Elevating Your Energy Management Goals with IEM Software

Looking at a manufacturing organization, energy is as critical an input as the ingredients (or sub-components) found within the bill of materials. When speaking of production costs, energy may compose 5% to 30%, and sometimes more, of the total. As such an important operational component from both a cost and environmental standpoint, organizations recognize the value and importance of being as efficient as possible.

Energy Management Goals

Why then do we see so many companies trapped in an endless cycle of chasing "low hanging fruit" improvements such as HVAC, compressed air, or lighting systems when bigger and more important improvements like energy around the bill of materials, and production and process efficiency costs are left to operate in a suboptimal manner?

Because many of them lack the technological capabilities to even see where these areas can be improved.

The Importance of Increased Visibility and Real-Time Metrics

It's obvious that companies want to cut costs wherever possible but in the realm of energy management, companies are being driven by both increased competition and environmental concerns. Regulations have put pressure on industrial companies to increase their reporting, and companies are making aggressive public commitments to produce these corporate sustainability reports and make reductions in energy use and carbon emissions.

Despite what may be a progressing operational mindset about energy expenditures, as mentioned above, many companies lack the technology to make the type of improvements around production and energy intensity that will only become more important as time presses on.

The cycle of getting caught in "low hanging fruit" improvements stems from a lack of visibility into the more complex energy areas like energy on the bill of materials and production schedule and process optimization. These latter energy inputs have a much higher degree of complexity resulting from various and ever-changing factors, things that are typically too resource intensive to accurately monitor using paper-based or other manual systems.

This is where today's Industrial Energy Management (IEM) software solutions are driving value for manufacturers. IEM applications enable companies to gain a much better view into the greater energy management picture through the key capabilities of automated data collection, real-time analytics, and enterprise-wide reporting.

LNS Research Industrial Energy Management Survey

In a recent survey conducted by LNS Research, more than 200 executives across industries were asked a number of questions about their objectives, challenges, and current energy management initiatives.

As the table below shows, survey respondents are in various stages of implementing IEM capabilities today, with between 15% and 27% of respondents possessing asset level automated data collection, real-time analytics, and enterprise-wide reporting. More interesting to note is that 23% of respondents are planning to implement each of these categories over the next year, an indication that the capabilities IEM delivers as they relate to growing sustainability initiatives are gaining mindshare with decision makers.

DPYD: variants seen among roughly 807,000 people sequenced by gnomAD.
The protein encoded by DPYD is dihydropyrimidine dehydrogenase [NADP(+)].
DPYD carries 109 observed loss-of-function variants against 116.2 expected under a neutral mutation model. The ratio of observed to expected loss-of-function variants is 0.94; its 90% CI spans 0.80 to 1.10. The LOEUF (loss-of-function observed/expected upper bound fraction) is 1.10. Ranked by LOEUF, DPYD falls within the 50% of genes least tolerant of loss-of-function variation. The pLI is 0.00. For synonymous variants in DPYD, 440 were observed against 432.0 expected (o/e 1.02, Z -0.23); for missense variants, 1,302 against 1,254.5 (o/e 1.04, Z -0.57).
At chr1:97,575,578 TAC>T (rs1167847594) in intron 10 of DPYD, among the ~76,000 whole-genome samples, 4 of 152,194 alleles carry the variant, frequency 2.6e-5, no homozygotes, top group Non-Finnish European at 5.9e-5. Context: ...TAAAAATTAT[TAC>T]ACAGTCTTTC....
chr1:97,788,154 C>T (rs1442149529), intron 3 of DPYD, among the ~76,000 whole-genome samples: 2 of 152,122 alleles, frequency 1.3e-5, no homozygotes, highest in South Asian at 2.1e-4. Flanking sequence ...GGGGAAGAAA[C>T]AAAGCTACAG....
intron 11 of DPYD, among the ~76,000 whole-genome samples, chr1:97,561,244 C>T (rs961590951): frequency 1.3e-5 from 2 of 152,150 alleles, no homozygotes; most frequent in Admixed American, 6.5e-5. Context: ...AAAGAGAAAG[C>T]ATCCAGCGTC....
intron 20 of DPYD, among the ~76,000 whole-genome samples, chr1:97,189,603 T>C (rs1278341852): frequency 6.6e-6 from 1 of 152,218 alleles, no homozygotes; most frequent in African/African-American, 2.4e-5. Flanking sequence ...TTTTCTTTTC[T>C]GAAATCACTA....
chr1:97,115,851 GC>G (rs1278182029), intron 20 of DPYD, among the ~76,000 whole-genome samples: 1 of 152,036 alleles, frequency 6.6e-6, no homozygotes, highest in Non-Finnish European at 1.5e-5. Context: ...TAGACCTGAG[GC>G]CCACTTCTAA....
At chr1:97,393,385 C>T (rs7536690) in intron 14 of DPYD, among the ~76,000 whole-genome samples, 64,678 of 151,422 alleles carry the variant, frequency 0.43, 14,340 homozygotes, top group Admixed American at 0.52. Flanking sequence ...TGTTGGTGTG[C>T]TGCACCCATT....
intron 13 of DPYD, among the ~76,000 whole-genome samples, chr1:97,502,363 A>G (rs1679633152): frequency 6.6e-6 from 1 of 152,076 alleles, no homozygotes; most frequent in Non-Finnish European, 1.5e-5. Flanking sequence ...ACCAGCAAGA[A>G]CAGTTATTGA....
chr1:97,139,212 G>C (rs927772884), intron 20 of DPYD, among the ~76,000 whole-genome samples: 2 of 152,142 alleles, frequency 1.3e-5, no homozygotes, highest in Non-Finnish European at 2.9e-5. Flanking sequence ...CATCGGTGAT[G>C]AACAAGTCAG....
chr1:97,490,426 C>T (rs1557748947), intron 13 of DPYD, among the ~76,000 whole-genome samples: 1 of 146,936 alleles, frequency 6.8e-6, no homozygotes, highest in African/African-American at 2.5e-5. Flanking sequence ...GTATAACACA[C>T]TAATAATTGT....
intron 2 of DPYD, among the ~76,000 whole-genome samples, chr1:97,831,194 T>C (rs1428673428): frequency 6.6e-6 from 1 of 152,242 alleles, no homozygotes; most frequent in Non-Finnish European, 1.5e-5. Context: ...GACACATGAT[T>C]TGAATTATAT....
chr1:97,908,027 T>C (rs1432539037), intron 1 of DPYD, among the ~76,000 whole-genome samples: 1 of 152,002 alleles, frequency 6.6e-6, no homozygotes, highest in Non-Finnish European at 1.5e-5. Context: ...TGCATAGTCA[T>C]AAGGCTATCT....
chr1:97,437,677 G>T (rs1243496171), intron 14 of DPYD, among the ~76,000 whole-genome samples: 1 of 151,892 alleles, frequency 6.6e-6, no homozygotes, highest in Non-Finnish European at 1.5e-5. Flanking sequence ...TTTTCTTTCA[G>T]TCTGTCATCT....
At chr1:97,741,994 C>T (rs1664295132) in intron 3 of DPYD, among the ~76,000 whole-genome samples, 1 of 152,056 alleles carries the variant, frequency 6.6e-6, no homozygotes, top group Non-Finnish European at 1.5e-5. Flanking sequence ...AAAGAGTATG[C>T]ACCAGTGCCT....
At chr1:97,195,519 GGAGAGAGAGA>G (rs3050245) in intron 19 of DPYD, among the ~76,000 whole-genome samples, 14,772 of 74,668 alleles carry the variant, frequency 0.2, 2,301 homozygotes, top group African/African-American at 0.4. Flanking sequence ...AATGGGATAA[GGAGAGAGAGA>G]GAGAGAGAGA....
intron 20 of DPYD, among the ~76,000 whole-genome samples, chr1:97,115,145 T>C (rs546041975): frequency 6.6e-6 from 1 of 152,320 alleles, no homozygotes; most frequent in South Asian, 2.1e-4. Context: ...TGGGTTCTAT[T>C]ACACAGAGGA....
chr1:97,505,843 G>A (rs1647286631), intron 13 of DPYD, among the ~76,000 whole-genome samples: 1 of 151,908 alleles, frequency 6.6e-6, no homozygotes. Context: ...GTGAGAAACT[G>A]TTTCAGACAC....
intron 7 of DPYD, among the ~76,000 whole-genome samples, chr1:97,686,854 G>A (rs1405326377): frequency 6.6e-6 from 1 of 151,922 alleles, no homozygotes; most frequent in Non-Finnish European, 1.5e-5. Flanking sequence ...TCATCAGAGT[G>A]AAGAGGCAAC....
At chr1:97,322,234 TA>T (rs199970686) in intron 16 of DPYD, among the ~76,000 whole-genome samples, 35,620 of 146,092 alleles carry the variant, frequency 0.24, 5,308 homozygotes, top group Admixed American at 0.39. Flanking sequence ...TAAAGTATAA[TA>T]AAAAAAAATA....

Energy Management Goals


Understanding the Value of IEM Through the Energy Intensity Metric

One of the key ways in effectively understanding the value driven by IEM investments is in cross-analyzing that adoption with performance improvements. And one way of doing this is to measure and compare Energy Intensity. Energy Intensity is the given amount of energy required to make a unit of product. Due to its nature as a metric that encompasses many factors, it's a strong and accurate indicator on the impact of technology adoption around energy management.

Drawing back to the survey, and looking at Median Energy Intensity Improvement in respondents that had adopted IEM technology vs. all respondents, we can see a dramatic improvement among the adopters, in some cases by 200%.

Energy Management Goals

These are significant improvements in energy expenditures. Moreover, the capabilities employed to make these reductions are only becoming more important as time moves forward and reporting requirements increase along with competition among industries. Companies that are working to implement these automated, real-time and enterprise-wide capabilities around energy management will be best positioned to navigate the growing world of compliance and reporting requirements, and improve their bottom lines in the process.

Driving Increased Productivity and Profit with IEM Software

Above we've touched on the importance of the technology component of IEM. While these next-generation capabilities are increasingly vital to meeting the growing sustainability reporting of the day, they are one single component of a comprehensive IEM framework that includes effective leadership and organizational culture, formal processes that include cross-functional stakeholders and align to the overall goals of the enterprise, and a robust, supporting set of metrics to accurately benchmark performance and monitor goals.

To learn more about aligning these key resources to elevate your energy management capabilities, download the free LNS Research eBook "Driving Productivity and Profit with Industrial Energy Management."


Matthew Littlefield is President and Principal Analyst for LNS Research based in Cambridge, MA.